Senior Citizens Can Learn Quite Well, Thank You

Understanding principles of older adult learning in order to increase effective communication of new health information and decision making

From May to December 1999, the Setting Priorities for Retirement Years Foundation (SPRY) studied the current state of research into how older adults learn and make decisions, particularly with regard to health and health care.

SPRY is the research and education arm of the National Committee to Preserve Social Security and Medicare, an advocacy organization based in Washington, D.C. Project staff reviewed more than 300 publications and interviewed 128 experts.

To date, researchers with expertise in education or communications technologies have done little work in the aging field, and as a result, teaching methods now used for the elderly are often extrapolated from adolescent or vocational education.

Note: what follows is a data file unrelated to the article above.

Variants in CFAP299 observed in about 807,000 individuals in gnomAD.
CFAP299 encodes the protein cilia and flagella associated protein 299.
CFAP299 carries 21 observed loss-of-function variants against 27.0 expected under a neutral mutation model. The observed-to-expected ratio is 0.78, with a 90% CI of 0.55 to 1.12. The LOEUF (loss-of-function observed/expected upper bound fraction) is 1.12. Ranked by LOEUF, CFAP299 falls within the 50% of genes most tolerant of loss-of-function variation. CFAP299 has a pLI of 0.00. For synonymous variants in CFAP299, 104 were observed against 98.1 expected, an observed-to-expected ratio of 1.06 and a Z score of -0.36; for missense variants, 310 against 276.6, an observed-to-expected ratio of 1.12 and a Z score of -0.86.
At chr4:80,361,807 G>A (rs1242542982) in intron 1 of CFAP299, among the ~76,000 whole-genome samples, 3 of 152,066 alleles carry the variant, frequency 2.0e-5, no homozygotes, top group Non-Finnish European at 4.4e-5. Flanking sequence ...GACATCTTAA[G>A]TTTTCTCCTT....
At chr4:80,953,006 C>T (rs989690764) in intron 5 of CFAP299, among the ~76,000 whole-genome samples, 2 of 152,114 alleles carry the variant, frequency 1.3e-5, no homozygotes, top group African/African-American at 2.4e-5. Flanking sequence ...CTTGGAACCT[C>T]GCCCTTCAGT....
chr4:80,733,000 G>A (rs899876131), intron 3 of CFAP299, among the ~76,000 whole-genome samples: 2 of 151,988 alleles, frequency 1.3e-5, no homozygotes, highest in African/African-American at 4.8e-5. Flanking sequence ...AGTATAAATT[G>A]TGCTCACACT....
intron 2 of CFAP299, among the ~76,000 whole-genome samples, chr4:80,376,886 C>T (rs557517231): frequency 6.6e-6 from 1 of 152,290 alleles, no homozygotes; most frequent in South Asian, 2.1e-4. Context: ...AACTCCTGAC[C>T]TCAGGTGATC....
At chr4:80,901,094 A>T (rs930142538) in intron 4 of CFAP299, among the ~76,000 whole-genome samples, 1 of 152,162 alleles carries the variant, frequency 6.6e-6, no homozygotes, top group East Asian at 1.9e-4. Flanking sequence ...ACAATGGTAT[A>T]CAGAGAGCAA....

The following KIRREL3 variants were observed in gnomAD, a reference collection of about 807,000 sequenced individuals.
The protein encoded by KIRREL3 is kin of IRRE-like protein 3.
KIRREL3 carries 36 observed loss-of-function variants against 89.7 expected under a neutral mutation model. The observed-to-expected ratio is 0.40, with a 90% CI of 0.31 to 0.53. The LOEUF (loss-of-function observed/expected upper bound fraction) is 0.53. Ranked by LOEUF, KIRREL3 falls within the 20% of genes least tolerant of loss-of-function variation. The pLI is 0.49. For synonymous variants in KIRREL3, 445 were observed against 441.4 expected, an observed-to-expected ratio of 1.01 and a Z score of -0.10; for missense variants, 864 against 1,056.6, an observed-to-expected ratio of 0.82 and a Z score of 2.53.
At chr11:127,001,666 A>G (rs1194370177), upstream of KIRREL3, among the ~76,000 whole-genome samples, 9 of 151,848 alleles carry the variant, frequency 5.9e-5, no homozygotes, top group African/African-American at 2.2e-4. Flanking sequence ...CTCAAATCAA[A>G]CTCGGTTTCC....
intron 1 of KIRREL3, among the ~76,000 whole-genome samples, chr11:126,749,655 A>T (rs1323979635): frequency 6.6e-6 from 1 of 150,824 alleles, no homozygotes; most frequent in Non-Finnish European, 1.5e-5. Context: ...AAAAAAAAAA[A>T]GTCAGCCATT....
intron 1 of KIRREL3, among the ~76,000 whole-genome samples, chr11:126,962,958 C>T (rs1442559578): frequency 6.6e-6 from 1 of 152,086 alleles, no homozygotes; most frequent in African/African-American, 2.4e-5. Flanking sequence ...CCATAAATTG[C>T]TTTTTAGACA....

Key Findings

  • Older adults learn and make decisions differently from children and adolescents.
  • A better understanding of the principles of older adult learning can be achieved by bridging the fields of medical and cognitive science, adult learning and communications technologies.
  • Cutting edge communications technologies can be used to accelerate ways in which older adults learn and use health information.

Funding

The Robert Wood Johnson Foundation (RWJF) supported this project with partial funding of $96,980 from May 1999 to December 1999.